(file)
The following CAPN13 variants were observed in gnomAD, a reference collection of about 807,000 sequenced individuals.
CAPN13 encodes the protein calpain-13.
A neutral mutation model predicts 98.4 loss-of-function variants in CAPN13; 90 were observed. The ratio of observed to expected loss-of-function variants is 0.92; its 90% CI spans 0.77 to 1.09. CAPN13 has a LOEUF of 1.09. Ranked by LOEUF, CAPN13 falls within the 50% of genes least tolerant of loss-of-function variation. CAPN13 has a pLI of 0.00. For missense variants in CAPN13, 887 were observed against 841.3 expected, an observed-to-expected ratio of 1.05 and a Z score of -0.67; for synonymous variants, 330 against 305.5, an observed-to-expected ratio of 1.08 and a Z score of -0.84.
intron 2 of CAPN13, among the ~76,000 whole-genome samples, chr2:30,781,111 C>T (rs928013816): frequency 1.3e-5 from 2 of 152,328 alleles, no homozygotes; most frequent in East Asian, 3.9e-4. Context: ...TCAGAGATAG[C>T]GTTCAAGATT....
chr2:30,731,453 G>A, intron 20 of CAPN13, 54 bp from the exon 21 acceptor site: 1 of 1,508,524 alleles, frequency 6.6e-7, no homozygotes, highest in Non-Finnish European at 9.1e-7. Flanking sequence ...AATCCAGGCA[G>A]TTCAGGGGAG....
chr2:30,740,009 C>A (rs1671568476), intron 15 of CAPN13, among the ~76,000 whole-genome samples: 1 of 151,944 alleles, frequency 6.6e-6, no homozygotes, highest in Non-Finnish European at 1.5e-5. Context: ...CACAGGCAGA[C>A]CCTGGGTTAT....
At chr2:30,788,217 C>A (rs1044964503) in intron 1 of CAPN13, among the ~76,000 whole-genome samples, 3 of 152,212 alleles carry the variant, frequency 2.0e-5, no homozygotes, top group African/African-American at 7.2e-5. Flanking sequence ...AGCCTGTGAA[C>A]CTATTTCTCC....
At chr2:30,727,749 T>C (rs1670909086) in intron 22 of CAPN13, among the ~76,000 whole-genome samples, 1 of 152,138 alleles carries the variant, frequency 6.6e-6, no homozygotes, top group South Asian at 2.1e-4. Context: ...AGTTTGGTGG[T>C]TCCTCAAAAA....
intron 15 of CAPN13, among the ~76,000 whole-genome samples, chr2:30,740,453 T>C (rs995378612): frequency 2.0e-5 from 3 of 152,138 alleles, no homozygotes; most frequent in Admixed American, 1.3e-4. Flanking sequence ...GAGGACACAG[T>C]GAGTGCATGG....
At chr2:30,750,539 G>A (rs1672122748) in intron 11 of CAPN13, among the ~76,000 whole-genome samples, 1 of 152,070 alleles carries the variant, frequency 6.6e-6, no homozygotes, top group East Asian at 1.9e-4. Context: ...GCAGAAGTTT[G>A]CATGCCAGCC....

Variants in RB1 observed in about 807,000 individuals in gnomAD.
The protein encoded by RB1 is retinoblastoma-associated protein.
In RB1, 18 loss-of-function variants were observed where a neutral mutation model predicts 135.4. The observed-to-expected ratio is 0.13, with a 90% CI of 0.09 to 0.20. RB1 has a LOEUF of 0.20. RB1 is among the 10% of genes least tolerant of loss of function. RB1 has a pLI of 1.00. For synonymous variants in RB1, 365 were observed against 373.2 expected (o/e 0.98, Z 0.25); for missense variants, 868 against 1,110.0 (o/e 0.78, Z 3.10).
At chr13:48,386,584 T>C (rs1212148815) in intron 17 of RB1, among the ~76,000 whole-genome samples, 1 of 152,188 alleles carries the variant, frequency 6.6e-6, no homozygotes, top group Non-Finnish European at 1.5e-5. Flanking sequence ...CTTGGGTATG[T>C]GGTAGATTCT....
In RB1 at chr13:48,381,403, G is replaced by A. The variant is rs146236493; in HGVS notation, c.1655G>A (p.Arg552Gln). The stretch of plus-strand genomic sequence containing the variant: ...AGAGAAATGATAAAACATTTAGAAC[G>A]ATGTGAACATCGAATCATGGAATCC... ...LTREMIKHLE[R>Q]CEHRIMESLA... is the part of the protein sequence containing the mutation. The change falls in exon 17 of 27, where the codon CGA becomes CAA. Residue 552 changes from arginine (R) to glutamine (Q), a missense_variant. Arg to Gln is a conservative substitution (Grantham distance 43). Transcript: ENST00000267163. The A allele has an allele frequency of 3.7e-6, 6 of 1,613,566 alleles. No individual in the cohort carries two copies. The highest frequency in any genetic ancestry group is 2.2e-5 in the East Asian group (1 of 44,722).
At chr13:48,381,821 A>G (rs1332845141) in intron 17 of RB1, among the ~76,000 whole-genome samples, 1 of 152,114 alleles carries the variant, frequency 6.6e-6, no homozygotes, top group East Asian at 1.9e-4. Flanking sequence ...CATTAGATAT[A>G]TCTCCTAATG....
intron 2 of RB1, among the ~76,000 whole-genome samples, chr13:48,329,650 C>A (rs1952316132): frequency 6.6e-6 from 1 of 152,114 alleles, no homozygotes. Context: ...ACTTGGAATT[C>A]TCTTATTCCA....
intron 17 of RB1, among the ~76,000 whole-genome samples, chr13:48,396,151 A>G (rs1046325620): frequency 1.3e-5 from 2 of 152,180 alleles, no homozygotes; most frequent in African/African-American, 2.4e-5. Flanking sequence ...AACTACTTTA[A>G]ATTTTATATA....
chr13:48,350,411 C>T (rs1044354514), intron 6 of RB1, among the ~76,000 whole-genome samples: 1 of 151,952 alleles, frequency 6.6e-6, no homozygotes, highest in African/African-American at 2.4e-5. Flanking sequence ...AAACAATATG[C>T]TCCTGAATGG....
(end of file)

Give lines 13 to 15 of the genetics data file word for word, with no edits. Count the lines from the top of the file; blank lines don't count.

In RB1, 18 loss-of-function variants were observed where a neutral mutation model predicts 135.4. The observed-to-expected ratio is 0.13, with a 90% CI of 0.09 to 0.20. RB1 has a LOEUF of 0.20. RB1 is among the 10% of genes least tolerant of loss of function. RB1 has a pLI of 1.00. For synonymous variants in RB1, 365 were observed against 373.2 expected (o/e 0.98, Z 0.25); for missense variants, 868 against 1,110.0 (o/e 0.78, Z 3.10).
At chr13:48,386,584 T>C (rs1212148815) in intron 17 of RB1, among the ~76,000 whole-genome samples, 1 of 152,188 alleles carries the variant, frequency 6.6e-6, no homozygotes, top group Non-Finnish European at 1.5e-5. Flanking sequence ...CTTGGGTATG[T>C]GGTAGATTCT....
In RB1 at chr13:48,381,403, G is replaced by A. The variant is rs146236493; in HGVS notation, c.1655G>A (p.Arg552Gln). The stretch of plus-strand genomic sequence containing the variant: ...AGAGAAATGATAAAACATTTAGAAC[G>A]ATGTGAACATCGAATCATGGAATCC... ...LTREMIKHLE[R>Q]CEHRIMESLA... is the part of the protein sequence containing the mutation. The change falls in exon 17 of 27, where the codon CGA becomes CAA. Residue 552 changes from arginine (R) to glutamine (Q), a missense_variant. Arg to Gln is a conservative substitution (Grantham distance 43). Transcript: ENST00000267163. The A allele has an allele frequency of 3.7e-6, 6 of 1,613,566 alleles. No individual in the cohort carries two copies. The highest frequency in any genetic ancestry group is 2.2e-5 in the East Asian group (1 of 44,722).